American: The Bill Hicks Story

American: The Bill Hicks Story

American: The Bill Hicks Story poster“Good evening, my name is Bill Hicks. I’ve been on the road now doing comedy 12 years, so, uh, bear with me while I plaster on a fake smile and plow through this shit one more time. … I’m kinda tired of traveling, kinda tired of doing comedy, kinda tired of staring out at your blank faces looking back at me, wanting me to fill your empty lives with humor you couldn’t possibly think of yourselves”.

Bill Hicks may not be the most recognisable name on the stand-up comedy circuit, but when the Texas-born comedian died of pancreatic cancer the age of 32 in 1994, he left behind him an unfinished career and a string of baffled rednecks in the Deep South. Decrying everything from modern music, to religion and the conservative elements of politics –  while simultaneously praising the joys of smoking and taking drugs – Hicks usually held nothing back. It wasn’t until late in his career that he was ‘discovered’, particularly in the UK, and it is only since his untimely death that legions of fans have sprung up all over the world as they discover his comedy for the first time. Compared with the earlier Lenny Bruce, and sometimes described as “Chomsky with dick jokes”, his prematurely-shortened career continues to be influential to this day.

American Bill Hicks Story stillHicks’ life was previously chronicled in It’s Just a Ride: A Tribute to Bill Hicks (available on DVD as part of the Totally Bill Hicks compilation), but British debut filmmaker Matt Harlock and documentarian Paul Thomas attempt something a little bit different with American: The Bill Hicks Story. Speaking with the ’10 people who knew Bill best’, the film uses still photographs and animation (in a similar way to the recent Allen Ginsberg docu-drama HOWL), along with interviews of Hicks’ family, friends and peers, and of course, vintage footage of his stand-up performances. While this animated technique may be off-putting at first, especially for those expecting a more traditional ‘talking heads’ documentary, it achieves a level of intimacy not seen in previous filmed portraits.

Of course, it doesn’t tell the whole story. Being told by the people who knew Bill best has the drawback of not covering every dark aspect of his life, although none of them pull punches when it comes to his failings. The audience is never fully introduced to Goat Boy, the uninhibited alter-ego that fascinated Hicks in his later years and was a creature of pure id (“Tie me to your headboard. Throw your legs over my shoulders, let me roll you like a feed bag.”). His pieces on abortion are strangely glossed over, and we get only the slightest hint about his outrage on the first Gulf War. Yet to truly understand Hicks, one must see his stand-up performances. Although Hicks is not around to speak for himself, we are lucky to have so many of his performances committed to CD and video. From the amazing early archival footage, through his first big break of Sane Man and the mighty Revelations (where he reached rock god status), we get a sense of what made Hicks special. His material still resonates today, partly because the issues he dealt with – flag burning, government lies, war in the Gulf, the collective apathy of the masses – could easily be ripped from the headlines and sadly still apply today. Up until recently, we didn’t even have to change the name of the President he was ranting about.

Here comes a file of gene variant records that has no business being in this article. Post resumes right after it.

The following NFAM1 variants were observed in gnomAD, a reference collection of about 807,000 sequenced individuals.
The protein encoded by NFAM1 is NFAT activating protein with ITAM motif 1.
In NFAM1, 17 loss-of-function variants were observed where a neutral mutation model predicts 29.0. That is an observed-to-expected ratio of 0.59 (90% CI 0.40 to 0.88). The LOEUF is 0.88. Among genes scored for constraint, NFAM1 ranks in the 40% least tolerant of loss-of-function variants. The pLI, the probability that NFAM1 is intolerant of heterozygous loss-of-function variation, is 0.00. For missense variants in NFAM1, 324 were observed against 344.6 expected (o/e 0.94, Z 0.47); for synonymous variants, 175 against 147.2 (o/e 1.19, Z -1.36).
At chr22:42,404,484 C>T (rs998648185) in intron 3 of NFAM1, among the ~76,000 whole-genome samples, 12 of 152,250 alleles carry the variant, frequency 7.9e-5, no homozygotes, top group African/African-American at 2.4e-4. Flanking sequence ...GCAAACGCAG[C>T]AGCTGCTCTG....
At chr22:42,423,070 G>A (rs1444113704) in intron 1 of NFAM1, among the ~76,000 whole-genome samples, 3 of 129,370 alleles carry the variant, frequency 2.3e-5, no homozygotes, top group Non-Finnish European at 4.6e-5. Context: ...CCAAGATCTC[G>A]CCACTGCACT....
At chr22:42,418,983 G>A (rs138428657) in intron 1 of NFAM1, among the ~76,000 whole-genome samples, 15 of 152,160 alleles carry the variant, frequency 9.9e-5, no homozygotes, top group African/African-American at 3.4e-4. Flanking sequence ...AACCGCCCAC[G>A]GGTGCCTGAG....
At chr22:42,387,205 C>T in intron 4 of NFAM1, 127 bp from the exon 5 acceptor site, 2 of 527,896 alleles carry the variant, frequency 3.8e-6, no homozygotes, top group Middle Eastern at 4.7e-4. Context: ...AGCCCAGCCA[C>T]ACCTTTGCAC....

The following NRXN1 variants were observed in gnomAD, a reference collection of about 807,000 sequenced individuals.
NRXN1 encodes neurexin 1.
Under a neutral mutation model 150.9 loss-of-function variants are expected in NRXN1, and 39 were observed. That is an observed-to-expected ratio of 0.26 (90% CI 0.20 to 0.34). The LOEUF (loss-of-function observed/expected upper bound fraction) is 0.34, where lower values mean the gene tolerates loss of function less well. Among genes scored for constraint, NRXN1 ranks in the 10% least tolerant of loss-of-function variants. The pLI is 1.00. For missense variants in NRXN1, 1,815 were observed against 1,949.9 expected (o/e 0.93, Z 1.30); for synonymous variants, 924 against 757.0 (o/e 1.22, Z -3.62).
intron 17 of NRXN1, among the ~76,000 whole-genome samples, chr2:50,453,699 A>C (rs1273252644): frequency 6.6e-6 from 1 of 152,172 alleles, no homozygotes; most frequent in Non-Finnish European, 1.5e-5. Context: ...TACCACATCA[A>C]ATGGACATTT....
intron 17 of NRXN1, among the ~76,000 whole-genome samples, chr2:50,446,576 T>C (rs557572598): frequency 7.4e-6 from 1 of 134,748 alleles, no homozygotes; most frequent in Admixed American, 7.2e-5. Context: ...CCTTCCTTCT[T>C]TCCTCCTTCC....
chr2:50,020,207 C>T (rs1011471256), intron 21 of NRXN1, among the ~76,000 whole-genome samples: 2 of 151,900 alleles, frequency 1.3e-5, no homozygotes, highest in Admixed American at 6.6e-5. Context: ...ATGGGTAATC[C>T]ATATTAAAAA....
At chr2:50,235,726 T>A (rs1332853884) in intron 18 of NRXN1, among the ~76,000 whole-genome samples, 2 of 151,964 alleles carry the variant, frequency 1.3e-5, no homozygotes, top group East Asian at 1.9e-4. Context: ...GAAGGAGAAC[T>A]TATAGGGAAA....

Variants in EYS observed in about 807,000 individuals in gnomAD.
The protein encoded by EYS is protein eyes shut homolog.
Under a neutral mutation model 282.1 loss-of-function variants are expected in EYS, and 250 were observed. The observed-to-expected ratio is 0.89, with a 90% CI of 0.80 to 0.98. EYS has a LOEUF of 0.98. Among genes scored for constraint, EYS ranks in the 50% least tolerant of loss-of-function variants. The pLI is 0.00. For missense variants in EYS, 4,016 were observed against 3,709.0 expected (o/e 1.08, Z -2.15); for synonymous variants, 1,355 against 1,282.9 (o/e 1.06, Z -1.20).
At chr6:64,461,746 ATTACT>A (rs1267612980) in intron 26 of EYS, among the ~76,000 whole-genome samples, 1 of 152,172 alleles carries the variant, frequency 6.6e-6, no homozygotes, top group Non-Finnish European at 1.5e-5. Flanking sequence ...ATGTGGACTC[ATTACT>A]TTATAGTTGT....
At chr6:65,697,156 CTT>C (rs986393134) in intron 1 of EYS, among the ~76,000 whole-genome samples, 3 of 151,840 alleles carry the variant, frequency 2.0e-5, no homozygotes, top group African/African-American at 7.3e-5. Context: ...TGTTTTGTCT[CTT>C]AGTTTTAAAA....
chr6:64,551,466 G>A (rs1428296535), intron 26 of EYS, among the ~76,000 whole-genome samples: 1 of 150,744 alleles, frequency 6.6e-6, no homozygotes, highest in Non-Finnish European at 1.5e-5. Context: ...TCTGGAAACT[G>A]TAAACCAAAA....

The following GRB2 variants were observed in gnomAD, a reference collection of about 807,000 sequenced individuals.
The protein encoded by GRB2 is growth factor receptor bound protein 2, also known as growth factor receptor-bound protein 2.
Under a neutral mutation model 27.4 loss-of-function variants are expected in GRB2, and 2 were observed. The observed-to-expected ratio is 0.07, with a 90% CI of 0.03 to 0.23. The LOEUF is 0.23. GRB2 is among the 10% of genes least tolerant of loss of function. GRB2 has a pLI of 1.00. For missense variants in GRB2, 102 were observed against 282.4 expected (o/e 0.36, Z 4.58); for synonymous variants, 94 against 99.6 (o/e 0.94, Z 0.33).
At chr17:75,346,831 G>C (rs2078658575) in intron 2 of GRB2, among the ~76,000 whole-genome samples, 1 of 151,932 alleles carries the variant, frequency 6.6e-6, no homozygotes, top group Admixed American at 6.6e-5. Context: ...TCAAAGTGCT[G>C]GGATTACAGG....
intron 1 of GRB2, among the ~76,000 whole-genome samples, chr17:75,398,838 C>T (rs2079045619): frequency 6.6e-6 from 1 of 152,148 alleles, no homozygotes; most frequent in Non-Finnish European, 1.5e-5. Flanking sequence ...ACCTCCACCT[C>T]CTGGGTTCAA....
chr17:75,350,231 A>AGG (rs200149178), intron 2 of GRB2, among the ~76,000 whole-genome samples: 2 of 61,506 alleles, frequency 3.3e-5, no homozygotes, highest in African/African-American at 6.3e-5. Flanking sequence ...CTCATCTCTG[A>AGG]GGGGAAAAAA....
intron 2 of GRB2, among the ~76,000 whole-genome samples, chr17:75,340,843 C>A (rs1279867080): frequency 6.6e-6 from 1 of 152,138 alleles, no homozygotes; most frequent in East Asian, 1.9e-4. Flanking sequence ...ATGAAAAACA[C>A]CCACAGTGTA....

To go deeper, fans will need to look to Cynthia True’s heartbreaking American Scream: The Bill Hicks Story or Bill Hicks: Agent of Evolution, the tome by his lifelong friend Kevin Booth (and director of American Drug War: The Last White Hope). However, it does serve as an excellent and timely gateway into the world of Hicks. Sixteen years after his death, Hicks remains as angry and as relevant to modern audiences as he did back in his prime. As the representative of the filmmakers reminded us at the Sydney premiere as part of the Sydney Underground Film Festival, Hicks was always more popular in Australia and the UK than he was in his home territory. Fans will find that American: The Bill Hicks Story covers most of the main reasons we love Hicks, and new fans will find this a great primer before dipping their toes into the waters of Dangerous or the essential Arizona Bay. Weeks, perhaps years, of indecision in various parliaments around the world have left most citizens apathetic to government deception and actions that are not in the best interests of the people that elected them. This film reminds us why we should always maintain the rage.

Overall rating: ★★★★

American: The Bill Hicks Story is released in the UK on DVD 27 October 2010, boasting over 5 hours of bonus features. Madman Entertainment will be distributing this in Australia, with a local release date TBA.